Self-deception lies behind much, if not all, of the evil we do. There is always some good which we use to justify our sin. We find some excuse which we use to justify our actions not only to ourselves, but to those who question us for the sins which they see coming from us. We might know that the ends do not justify the means, and we might state it, but we then find every excuse to ignore the implications of our means by displacing all such concern with the apparent good which we claim we obtain from what we do. In this fashion, we hollow out the good, hiding the destruction of the good which is happening within that good by focusing only on the appearance of the good which we do. It is as if we think putting up blue screen and creating a nice image on that screen is equivalent of making it real, which of course, it is not. The simulacra of the good cannot last, and when it caves in from all the hollowing out of its being, the destruction which comes in its wakes demonstrates the great evil which lay at its foundation.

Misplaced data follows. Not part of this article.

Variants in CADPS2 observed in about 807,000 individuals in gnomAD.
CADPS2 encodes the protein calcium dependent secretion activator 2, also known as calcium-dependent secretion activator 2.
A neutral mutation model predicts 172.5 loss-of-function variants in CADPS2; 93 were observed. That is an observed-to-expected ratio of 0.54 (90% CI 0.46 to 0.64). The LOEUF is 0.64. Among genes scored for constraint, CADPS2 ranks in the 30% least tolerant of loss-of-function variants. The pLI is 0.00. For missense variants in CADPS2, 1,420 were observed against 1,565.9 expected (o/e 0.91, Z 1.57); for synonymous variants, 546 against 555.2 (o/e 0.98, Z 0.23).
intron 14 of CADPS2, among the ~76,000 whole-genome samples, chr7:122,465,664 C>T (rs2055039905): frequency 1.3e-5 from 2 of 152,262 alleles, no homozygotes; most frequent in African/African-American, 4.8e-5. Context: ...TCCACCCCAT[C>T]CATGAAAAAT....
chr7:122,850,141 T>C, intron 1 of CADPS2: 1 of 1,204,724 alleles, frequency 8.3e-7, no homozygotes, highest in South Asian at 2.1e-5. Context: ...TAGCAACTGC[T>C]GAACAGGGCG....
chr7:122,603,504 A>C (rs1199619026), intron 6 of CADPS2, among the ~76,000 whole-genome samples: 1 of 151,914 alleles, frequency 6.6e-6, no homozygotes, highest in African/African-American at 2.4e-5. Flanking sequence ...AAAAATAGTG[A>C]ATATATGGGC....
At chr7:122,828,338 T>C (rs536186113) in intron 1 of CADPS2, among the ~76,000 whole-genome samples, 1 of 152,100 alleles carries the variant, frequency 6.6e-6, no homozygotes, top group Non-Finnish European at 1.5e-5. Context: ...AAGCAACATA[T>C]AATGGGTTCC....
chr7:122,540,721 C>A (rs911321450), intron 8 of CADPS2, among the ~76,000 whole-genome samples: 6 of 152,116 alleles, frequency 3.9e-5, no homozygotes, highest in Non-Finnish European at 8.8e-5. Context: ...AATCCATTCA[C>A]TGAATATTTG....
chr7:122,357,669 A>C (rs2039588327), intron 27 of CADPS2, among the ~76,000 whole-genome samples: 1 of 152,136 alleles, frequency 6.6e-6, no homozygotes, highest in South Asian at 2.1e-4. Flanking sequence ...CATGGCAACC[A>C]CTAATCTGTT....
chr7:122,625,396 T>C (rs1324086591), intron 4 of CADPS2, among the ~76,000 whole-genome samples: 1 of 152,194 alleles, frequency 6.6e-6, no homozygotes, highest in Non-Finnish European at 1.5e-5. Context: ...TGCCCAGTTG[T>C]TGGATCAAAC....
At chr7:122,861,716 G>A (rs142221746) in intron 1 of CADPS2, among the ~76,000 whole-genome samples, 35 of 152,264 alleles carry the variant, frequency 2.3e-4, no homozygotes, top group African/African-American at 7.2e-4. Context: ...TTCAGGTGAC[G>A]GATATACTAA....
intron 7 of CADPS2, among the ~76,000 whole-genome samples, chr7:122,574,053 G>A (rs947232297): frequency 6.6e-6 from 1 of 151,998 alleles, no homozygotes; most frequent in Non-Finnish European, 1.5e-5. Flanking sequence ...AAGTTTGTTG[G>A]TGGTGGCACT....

Even with the best of us, the root sins of greed, hate, and willful ignorance bury themselves deep into our psyche, affecting our actions, so that their evil taint hinders us as they filter through all the good which we would like to do. In this way, though we can see some positive good in what we do, we still find spread and tied with that good, parasites eating away at it, leaving room for sin to fester and grow, breeding with themselves more evils, more sins, more infections of the mind. At last, if they are not treated with grace and wrestled against by ourselves, they will turn even the good foundations over to sin and we will find the good we intended to be ineffective as we end up causing more pain and sorrow through our malformed will. We must be careful. If we do not explore what went wrong and correct ourselves, we will end up instead turning fully away from the good, and then it will be a long and difficult process for us to find our way back to the path which we left behind.